The Values Statement – Part V

values statement

From that day forward, the issue never reared its ugly head again at the organizational level, only in private discussions. The consensus seemed to be that the American lynching phenomenon was so unique that its remedial processes couldn’t be generalizable for the global issue of women’s issues, geographically, sociologically, culturally. A few continued to mull it over. The one staffer who circled back months later simply said, “After giving it quite a bit of thought, I’ve come to the conclusion that you were right.” Gratifying, but not a resounding mandate. She had handed in her resignation, moving on to greener pastures.

Within a short time, I became a Board Officer, then Board President, a culturally challenging period for everyone involved. It was a six-year experiment in “Diversity” that rewarded me with insights that almost no other experience could have provided me.

Starting the day following that exercise in ‘how not to develop a values statement,’ I began conducting an ongoing informal survey of women’s beliefs on the matter of an end to rape and sexual assault. The results haunt me: women have almost no belief in an end to the physical, brutal war between men and women. I’ve come to believe that women engage in life day-to-day with the silent expectation of continually present gender conflict, the physical, mental and emotional threats of it internalized, and the prospects for positive change unfathomable.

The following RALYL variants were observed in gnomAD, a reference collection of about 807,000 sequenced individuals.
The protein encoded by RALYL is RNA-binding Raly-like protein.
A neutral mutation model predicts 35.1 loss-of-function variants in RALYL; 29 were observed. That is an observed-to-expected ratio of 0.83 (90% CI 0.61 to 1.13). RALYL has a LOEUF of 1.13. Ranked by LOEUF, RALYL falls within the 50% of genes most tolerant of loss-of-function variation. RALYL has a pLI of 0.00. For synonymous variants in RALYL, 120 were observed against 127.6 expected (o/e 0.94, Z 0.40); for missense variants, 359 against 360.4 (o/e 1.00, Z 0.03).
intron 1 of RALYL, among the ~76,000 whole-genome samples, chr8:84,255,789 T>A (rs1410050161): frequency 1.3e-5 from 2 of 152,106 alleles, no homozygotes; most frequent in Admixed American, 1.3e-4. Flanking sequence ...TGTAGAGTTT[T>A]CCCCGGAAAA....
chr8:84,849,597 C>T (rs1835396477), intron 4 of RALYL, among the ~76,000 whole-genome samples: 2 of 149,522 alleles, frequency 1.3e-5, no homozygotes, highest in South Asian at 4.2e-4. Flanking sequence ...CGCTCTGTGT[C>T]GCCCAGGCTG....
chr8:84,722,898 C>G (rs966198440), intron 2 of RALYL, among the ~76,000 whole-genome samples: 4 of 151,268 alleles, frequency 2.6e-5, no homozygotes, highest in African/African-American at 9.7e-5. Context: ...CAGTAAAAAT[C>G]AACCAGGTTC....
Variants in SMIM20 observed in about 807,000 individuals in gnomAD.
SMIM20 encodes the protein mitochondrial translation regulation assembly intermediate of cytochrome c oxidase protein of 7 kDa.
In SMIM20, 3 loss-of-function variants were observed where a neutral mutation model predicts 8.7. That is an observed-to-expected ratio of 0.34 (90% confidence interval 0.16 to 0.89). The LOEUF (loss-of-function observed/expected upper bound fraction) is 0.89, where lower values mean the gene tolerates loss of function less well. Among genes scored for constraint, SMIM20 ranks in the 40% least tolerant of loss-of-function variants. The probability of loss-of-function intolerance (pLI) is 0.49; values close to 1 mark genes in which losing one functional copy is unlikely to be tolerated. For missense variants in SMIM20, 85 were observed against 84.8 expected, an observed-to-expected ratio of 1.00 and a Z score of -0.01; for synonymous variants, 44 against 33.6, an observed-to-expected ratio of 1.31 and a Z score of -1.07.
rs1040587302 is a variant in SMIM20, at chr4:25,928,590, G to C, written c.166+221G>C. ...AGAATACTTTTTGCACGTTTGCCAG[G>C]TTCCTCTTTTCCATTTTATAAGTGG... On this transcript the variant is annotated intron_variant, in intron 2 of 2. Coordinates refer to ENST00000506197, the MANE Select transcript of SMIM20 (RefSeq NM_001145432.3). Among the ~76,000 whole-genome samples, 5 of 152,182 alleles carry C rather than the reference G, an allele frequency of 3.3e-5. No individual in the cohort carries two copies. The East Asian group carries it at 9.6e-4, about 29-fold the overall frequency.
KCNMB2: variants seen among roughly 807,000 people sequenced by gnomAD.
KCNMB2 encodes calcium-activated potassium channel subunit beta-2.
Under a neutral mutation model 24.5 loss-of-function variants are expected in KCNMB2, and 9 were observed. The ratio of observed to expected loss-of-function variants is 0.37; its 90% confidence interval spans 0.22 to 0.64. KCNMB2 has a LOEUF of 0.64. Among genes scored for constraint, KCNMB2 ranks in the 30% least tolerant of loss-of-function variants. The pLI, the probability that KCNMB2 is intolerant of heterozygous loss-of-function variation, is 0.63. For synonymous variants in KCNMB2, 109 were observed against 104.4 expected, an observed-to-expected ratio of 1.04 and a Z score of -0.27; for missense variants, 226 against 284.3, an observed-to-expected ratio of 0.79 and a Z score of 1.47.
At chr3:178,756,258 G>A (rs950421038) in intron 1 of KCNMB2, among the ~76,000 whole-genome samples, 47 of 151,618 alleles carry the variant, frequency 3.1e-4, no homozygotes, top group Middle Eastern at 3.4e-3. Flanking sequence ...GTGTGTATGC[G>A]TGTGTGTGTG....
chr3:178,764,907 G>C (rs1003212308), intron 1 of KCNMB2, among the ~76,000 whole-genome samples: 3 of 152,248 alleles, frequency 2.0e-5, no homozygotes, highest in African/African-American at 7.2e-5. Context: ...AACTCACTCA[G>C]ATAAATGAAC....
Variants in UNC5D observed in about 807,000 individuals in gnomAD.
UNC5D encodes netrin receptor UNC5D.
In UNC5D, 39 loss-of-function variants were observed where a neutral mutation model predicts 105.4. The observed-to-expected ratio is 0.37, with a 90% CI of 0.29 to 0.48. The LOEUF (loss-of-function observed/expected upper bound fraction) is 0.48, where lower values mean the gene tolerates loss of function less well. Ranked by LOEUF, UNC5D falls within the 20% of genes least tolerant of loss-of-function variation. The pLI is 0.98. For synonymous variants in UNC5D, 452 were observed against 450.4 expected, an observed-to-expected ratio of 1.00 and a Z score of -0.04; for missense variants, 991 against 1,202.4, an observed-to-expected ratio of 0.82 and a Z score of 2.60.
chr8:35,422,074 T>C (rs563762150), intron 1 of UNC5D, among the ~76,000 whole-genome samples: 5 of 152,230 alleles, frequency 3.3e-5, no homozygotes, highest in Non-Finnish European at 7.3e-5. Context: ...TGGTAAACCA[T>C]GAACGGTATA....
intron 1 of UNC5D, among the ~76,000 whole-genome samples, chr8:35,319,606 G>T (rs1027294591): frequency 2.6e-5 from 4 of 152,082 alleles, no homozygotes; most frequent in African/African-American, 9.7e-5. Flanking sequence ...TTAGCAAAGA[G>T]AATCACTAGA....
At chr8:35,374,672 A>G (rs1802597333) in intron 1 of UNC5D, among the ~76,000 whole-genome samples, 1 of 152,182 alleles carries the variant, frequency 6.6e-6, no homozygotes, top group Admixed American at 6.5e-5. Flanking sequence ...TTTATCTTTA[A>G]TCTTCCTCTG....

“Do you believe the crime of rape can be eradicated in our lifetime?” Women of all ages and types have universally answered “No” with few exceptions. In one Leadership Summit of more than 300 women in regional leadership, fewer than ten answered “Yes” to the question, five of whom had sat at my table, and voted after having engaged in a discussion on the topic.

Part of that roundtable dialog involved the possibility of elevating rape to the level of a capital crime. Not surprisingly, there was mixed reaction from the table. One commented, “Before deciding to put anyone to death, I’d want to know more about why they did it. What was their motivation?” The male reaction at the table was more typical. “I couldn’t care less why they did it. If its my mother, wife, sister, child, I want the bastard dead.” The one at the table with the most trepidation about the idea of capital punishment for rapists was a trial attorney with a current client accused of rape.

I reached the conclusion that WIAR had shifted well away from its beginning as a group of radical feminist belligerents for their constituents, the innocent targets of male aggression. The organization moved to a mode of operation as a more neutral broker, an aid organization, like a “Red Cross” for sexual assault survivors of all types, reaching out to heal any and all of the wounded in the intractable conflict between sexual predators and their targets. WIAR shifted from a culture espousing radical feminist confrontational demand for social and legal recourse to a well-funded NPO managing the flow of the region’s wounded survivors. The eventual chosen strategic direction of the organization was a focus on serving members of the raped and assaulted community through counseling, and through education on avoidance strategies for potential targets of sexual predators.